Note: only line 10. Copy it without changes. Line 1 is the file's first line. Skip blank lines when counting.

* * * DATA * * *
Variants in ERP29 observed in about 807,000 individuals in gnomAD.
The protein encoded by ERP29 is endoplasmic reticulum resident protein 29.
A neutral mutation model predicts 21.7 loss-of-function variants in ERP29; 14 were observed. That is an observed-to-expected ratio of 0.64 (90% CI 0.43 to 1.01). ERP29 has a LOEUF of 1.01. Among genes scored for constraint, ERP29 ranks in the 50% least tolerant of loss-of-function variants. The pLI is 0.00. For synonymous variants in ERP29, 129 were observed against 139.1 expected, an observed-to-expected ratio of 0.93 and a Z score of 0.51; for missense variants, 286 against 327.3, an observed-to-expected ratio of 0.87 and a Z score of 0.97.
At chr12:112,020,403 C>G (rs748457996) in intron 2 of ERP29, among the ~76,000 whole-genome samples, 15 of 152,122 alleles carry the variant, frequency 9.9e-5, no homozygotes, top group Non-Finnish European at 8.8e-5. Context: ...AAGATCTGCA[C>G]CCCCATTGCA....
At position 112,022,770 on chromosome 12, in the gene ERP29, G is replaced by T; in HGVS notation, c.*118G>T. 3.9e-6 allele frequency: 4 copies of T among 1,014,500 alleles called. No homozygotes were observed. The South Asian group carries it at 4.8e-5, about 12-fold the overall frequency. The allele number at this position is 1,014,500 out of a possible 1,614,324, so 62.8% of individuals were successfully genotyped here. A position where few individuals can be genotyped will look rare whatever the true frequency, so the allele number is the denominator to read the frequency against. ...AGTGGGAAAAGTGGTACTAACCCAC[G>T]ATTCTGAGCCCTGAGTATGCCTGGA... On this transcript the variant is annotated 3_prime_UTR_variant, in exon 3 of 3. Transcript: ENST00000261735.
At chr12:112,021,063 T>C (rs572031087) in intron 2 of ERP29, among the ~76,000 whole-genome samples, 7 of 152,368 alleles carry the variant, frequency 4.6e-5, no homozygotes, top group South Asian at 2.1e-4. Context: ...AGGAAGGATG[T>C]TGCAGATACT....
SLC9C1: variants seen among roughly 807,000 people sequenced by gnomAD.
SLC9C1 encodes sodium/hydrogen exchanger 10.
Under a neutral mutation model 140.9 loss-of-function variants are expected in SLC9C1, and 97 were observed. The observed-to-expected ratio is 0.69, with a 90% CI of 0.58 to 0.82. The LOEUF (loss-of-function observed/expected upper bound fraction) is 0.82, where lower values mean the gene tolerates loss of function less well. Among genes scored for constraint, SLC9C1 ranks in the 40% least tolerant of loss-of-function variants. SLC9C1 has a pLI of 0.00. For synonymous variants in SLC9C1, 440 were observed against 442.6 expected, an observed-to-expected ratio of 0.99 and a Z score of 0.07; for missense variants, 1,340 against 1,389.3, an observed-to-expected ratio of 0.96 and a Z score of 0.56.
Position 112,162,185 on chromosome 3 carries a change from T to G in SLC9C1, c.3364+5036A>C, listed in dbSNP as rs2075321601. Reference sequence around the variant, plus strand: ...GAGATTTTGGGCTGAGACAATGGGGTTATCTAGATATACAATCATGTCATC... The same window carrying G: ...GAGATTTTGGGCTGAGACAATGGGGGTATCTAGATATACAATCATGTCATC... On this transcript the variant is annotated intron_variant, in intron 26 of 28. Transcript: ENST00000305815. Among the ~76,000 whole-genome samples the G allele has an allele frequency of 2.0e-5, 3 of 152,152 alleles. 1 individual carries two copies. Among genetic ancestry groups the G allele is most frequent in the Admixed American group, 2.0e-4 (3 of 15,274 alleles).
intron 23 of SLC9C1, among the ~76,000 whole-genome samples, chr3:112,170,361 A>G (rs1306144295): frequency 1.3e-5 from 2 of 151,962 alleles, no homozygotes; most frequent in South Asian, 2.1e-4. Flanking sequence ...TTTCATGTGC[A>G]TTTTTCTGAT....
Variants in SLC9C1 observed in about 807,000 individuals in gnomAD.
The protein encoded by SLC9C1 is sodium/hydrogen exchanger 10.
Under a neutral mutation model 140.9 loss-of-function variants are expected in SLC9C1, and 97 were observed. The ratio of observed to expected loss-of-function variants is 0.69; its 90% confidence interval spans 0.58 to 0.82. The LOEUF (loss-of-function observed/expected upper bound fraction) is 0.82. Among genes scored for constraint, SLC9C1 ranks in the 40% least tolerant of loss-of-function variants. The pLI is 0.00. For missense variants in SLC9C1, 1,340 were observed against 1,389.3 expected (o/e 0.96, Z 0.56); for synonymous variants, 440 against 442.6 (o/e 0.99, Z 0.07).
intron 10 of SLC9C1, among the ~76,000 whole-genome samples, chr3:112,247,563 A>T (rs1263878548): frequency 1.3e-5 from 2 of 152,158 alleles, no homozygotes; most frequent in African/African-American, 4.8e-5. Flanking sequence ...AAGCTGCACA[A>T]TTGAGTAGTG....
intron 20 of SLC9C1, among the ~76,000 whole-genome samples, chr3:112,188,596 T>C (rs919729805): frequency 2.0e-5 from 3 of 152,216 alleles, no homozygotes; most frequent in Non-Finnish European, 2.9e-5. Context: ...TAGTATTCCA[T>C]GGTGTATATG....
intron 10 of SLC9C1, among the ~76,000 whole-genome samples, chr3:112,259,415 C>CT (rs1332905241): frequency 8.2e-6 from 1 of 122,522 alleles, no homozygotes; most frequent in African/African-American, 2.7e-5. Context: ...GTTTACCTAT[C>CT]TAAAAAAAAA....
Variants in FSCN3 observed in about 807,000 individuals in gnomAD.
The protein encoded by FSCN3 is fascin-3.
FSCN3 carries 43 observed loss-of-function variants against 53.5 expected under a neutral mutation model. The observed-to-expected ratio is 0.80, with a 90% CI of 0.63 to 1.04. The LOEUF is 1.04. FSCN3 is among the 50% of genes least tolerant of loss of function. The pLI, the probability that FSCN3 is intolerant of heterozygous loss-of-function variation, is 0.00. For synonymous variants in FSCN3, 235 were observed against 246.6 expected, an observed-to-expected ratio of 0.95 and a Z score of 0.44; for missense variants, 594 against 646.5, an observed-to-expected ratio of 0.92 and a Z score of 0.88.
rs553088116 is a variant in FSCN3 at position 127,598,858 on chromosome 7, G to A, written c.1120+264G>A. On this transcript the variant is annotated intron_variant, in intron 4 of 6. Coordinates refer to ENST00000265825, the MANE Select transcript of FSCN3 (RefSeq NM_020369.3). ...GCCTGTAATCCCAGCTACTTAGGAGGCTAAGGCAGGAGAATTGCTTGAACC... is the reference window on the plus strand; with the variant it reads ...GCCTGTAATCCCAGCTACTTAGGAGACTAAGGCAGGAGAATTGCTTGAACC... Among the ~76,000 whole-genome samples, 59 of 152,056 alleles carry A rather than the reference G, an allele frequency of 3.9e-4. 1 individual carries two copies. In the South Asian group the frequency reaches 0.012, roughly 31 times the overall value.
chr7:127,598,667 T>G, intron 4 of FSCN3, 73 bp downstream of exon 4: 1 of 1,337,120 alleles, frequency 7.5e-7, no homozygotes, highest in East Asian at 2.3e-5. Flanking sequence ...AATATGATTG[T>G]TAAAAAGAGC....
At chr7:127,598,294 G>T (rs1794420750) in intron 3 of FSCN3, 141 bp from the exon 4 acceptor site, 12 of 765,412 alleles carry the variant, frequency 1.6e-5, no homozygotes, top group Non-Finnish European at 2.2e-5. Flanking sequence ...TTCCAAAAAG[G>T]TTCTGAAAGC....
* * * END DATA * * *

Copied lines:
Position 112,162,185 on chromosome 3 carries a change from T to G in SLC9C1, c.3364+5036A>C, listed in dbSNP as rs2075321601. Reference sequence around the variant, plus strand: ...GAGATTTTGGGCTGAGACAATGGGGTTATCTAGATATACAATCATGTCATC... The same window carrying G: ...GAGATTTTGGGCTGAGACAATGGGGGTATCTAGATATACAATCATGTCATC... On this transcript the variant is annotated intron_variant, in intron 26 of 28. Transcript: ENST00000305815. Among the ~76,000 whole-genome samples the G allele has an allele frequency of 2.0e-5, 3 of 152,152 alleles. 1 individual carries two copies. Among genetic ancestry groups the G allele is most frequent in the Admixed American group, 2.0e-4 (3 of 15,274 alleles).